Mike Jones: We have a unique contract pre-screening platform aimed directly at the legal market with a focus on supporting large in-house teams. Having successfully attracted several major global customers based in the US, we wanted to get closer physically to enhance our support whilst also expanding our footprint into the largest legal services market in the world.

What’s the plan?

MJ: We are setting up our first centre of excellence, based in New York, offering sales, support and contract intelligence expertise. As well as offering this dedicated support to US customers, we will offer exciting partnering opportunities to legal service providers and law schools as part of our Lexible programme.

How does the US Legal Tech market compare with other major hubs?

MJ: The US Legal Tech market is a hugely exciting opportunity for all providers, including ThoughtRiver. Not only is this the largest market in the world, it is also one of the fastest moving. It has been unfairly described recently as a “bubble” but for us customer success is already a proven reality.


 

David Howorth

David Howorth is a Co-Founder and Director of Avvoka, a digital platform built to streamline the process of generating contracts by enabling businesses to automatically create, e-sign and store contracts online.

 

Why are you launching in the US?

DH: We’ve seen a growing trend amongst our clients in the UK – law firms and in-house legal teams – introducing their teams in the US to our technology. We’re finding our client base is spread everywhere now, so it makes sense for us to spend more time internationally as well.

What’s the plan?

DH: We decided New York was a place we needed to spend more time in after heading over there through our involvement with A&O’s Fuse innovation hub. Our next visit is going to be for the Legal Geek North America conference in June and from there we will establish what our presence will look like going forward. It’s certainly our intention to establish a permanent presence in the US.

How does the US Technology market compare with other major hubs?

DH: It probably goes without saying that the US Legaltech market is huge, but it also has its own challenges. Geographically, it’s far more spread-out than the UK or Singapore. If you have an office opening up in Singapore you can quite quickly service the region. But if you are opening up in New York, you are still 6-7 hours away from the west coast.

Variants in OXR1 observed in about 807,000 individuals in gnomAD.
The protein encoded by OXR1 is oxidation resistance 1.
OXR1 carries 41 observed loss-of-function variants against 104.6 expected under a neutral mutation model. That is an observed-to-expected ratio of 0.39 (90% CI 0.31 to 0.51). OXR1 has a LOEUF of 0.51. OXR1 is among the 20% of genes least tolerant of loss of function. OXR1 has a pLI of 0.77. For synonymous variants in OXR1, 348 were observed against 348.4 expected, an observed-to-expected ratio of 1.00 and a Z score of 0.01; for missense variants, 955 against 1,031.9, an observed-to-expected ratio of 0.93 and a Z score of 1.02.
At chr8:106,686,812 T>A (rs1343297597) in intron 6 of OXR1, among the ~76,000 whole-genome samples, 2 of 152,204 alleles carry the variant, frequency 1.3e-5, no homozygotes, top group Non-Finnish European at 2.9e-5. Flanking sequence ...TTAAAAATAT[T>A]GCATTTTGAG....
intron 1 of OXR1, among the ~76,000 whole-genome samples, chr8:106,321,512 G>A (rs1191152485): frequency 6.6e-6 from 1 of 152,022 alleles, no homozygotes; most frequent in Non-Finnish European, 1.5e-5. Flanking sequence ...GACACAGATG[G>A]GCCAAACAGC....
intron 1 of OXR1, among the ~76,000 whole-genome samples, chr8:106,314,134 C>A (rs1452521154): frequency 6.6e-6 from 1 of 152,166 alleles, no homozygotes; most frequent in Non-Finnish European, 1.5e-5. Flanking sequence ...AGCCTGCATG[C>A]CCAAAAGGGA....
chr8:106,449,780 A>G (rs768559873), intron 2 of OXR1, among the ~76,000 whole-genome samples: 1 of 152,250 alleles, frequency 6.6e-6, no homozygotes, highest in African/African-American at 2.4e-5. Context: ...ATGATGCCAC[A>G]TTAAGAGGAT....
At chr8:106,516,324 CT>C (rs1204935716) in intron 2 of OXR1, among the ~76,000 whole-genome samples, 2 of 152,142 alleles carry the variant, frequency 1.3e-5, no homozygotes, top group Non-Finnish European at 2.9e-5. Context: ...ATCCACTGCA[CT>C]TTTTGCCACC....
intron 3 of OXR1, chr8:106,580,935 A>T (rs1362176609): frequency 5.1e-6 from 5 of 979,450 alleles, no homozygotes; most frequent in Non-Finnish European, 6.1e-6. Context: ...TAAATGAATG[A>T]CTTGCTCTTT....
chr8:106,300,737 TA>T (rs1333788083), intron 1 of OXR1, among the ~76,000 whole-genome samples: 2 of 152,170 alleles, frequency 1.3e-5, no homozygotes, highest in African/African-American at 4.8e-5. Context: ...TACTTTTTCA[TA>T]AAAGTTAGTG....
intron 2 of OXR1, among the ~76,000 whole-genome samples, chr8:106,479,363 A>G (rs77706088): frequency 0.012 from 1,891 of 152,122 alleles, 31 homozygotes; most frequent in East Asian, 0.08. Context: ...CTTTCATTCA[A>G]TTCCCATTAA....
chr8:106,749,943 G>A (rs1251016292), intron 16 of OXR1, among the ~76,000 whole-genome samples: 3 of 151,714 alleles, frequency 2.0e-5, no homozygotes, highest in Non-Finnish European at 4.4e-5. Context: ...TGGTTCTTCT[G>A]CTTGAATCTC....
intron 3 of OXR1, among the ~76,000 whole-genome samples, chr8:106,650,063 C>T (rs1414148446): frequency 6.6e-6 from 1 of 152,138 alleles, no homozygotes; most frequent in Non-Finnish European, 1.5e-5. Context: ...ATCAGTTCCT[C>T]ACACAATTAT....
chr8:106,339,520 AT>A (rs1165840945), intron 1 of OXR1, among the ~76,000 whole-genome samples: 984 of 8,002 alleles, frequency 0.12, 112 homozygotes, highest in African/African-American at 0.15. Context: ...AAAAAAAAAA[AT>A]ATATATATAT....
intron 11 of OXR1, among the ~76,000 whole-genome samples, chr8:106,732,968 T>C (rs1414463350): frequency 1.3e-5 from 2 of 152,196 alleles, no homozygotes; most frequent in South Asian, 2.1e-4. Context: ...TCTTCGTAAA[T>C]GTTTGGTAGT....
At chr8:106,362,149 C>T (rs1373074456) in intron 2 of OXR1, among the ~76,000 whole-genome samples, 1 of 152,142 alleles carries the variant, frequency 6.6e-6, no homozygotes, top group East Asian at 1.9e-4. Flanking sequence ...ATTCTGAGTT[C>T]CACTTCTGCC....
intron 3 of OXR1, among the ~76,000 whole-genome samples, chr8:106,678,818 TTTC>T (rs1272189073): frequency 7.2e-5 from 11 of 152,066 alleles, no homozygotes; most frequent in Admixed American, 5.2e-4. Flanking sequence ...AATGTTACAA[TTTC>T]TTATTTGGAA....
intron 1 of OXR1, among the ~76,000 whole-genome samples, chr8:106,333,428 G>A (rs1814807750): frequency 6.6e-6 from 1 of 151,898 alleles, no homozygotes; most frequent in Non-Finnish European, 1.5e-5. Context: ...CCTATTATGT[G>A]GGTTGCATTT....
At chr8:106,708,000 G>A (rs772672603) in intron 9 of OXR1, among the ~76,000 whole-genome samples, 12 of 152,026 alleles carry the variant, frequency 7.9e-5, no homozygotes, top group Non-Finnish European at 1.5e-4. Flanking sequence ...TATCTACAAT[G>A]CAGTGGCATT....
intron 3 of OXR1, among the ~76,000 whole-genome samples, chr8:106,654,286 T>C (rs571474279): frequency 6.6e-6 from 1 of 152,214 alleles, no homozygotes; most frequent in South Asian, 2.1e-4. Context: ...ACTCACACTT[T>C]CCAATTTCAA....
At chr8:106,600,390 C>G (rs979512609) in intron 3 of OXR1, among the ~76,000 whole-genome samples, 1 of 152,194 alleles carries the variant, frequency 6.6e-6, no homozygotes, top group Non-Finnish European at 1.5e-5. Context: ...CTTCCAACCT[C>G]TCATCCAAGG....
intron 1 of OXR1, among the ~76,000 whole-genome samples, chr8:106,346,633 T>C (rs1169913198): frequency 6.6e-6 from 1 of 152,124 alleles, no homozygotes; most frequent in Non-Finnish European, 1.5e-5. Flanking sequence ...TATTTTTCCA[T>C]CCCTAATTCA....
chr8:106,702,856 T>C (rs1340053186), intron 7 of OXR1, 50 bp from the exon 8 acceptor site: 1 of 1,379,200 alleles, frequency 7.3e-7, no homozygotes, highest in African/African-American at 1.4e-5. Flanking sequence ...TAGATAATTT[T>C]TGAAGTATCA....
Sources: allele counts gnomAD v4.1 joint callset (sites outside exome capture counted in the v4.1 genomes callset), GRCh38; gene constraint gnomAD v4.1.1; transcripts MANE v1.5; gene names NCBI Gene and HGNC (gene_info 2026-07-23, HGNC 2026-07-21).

There are also nuances to working with legal teams in the US – everything from the format of documents, to transaction processes, to the regulatory environment. Any technology that wants to be a success here, needs to take that into account.


 

Jimmy VestbirkJimmy Vestbirk is the Founder of Legal Geek, which he started after hosting his first LegalTech meet-up in the basement of a startup warehouse in San Francisco in 2015. Since then, Legal Geek has redefined LawTech events in the UK and Europe.

 

Why are you launching in the US?

30% of our readership has always been in the US and we also get a lot of in-bound requests from people wanting to find out if events similar to the Legal Geek Conference in London exist in the US.  On June 25th we can say ‘yes they do’!

What’s the plan?

We want to build a US LegalTech community around our event which will allow attendees to see value long after the event. We want to have fun with this year’s inaugural event and build on the significant buzz that already exists around LegalTech’s potential in the US. In future years we want to grow the event to around 1000 people who have a mindset to embrace technology for positive change on the profession.

How does the US Technology market compare with other major hubs?

In 2018, Legal Geek went on an Around the World Tour, visiting Moscow, Singapore, Melbourne, Sydney, and San Francisco in 5 weeks. We also visited New York and Toronto separately. We chose New York for our first conference abroad because geographically it’s a global hub for the legal sector. It’s possible for attendees to combine a trip to New York with other business and there is a very positive groundswell around LegalTech in the city and surrounding area.

 

Legal Geek North America